Deconstructing reconstruction

Rani Pokhari at the centre of Kathmandu awaits reconstruction. All photos: ALOK TULADHAR

The 7.8 magnitude earthquake in 2015 caused a tragic loss of life, and damage to homes. But it had some positive side-effects that have gone largely unnoticed.

The government’s haphazard handling of the restoration of over 750 historic monuments in Kathmandu Valley sensitised residents about the need to preserve cultural heritage. In the past four years, more damage has been done to Kathmandu’s traditional architecture by the government’s apathy, greed and near-despotism than by the earthquake itself.

Read also: Learning from Nepal's past to rebuild future, Prakriti Kandel

Strong-arm tactics have bulldozed monument zones in the name of ‘development’. A new expressway threatens to wipe out the very essence of the historic towns of Khokana and Bungamati at the southern edge of the valley, beautiful towns with many archeological sites. Local people who are putting up a resistance are taking on a powerful enemy: the Nepal Army, which is building the fast-track highway to the Tarai.

The collapse of the 19th century Dharara tower killed 56 people on that fateful Saturday just before noon on 25 April 2015. Many heritage conservationists thought the Moghul style tower was an eyesore and had negligible archeological value, but the National Reconstruction Authority has taken it upon itself to restore the relic at the unjustifiable cost of $30 million while leaving more representative monuments remain in ruins.

Nearby, the neoclassical Bag Darbar is the home of the Kathmandu Metropolitan City. Citing safety reasons, Kathmandu Mayor Bidya Sundar Shakya is bent on demolishing the historic palace complex and replacing it with a concrete highrise, ignoring inspectors who confirmed that earthquake damage is minimal and the building can be retrofitted. Activists have finally obtained a stay order from the Supreme Court to stop the demolition.

The same activists have also been pushing for sensitive restoration of other earthquake-damaged heritage sites. Six of them were detained by police in December while protesting the unlawful construction of a cemented walkway in the protected Shleshmantak Forest within the holy Pashupati premises, a UNESCO World Heritage Site.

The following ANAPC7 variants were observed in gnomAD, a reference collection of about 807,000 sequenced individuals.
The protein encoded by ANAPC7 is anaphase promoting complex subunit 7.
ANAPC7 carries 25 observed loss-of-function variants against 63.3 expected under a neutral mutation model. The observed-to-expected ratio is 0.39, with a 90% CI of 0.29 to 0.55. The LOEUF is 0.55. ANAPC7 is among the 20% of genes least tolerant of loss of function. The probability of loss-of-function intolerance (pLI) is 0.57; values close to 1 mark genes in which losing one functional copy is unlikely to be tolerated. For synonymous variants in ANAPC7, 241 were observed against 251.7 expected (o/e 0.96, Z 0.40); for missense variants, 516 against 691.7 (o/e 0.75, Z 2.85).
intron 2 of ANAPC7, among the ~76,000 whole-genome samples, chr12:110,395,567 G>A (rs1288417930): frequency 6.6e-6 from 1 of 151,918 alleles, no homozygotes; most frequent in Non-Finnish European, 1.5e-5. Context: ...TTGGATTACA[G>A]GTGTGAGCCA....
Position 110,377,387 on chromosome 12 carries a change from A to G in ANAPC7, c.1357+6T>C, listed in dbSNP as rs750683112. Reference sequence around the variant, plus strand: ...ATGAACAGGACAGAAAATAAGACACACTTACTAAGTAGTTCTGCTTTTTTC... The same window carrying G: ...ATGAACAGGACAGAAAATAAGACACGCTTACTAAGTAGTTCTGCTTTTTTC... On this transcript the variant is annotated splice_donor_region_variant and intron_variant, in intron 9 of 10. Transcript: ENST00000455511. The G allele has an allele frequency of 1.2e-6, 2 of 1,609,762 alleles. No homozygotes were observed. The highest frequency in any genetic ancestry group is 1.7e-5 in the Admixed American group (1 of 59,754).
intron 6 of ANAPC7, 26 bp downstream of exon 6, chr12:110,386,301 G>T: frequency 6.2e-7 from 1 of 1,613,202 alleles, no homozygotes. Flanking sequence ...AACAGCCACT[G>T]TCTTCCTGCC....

The Department of Archeology is responsible for most of these violations of heritage conservation norms. The public and activists had to directly intervene to stop the inappropriate rebuilding of Rani Pokhari under the supervision of Kathmandu Metropolitan City, while the Department of Archeology watched in silent complicity.

Using tarpaulin sheets to hide the reconstruction from public view, the City started building cement retaining walls around the 17th century pond that holds great religious, cultural and architectural significance. Not only was the use of concrete illegal as per the Ancient Monuments Preservation Act, the City planned to turn the site into a commercial park.

The 7th century Kasthamandap monument was destroyed in the earthquake killing ten people.  Since its reconstruction was constantly undermined by the government, the local community campaigned to rebuild it with voluntary public participation. But Mayor Shakya decided to rebuild it using the City’s funds – effectively sabotaging the community’s involvement.

While Kathmandu bungles monument reconstruction, in Lalitpur the pace and quality of rebuilding by a non-profit conservation group is far superior. Bhaktapur is the other role model with the largest number of reconstruction projects undertaken by local communities with financial and logistics support from the Municipality. When the ‘consumers’ of the heritage get to participate in rebuilding, their bond with it is that much stronger.

This is a good time to contemplate why things are in such a sorry state in Kathmandu. Since neither parents nor schools taught residents about the importance of heritage preservation, it created a knowledge gap bridged only after the 2015 earthquake.

Activists and communities across Kathmandu Valley suddenly realised that their traditions were important, and they came together spontaneously as heritage watchdog groups, sacrificing personal lives and careers. Most have no affiliations and no funding. These loose but dynamic young campaigners are motivated by the urgent need to prevent further destruction. They Nepal’s cultural values will be inevitably lost if the present practice of unlawful, unethical and non-transparent reconstruction of monuments continues.

Youthful energy, fueled by regret at past detachment from their cultural inheritance is working wonders. There is also a danger of this spirit will dissipate with time. Before that happens, the groups need to realise the challenges ahead and come up with a solid plan to sustain and scale their activities.

Alok Tuladhar is a conservation activist.

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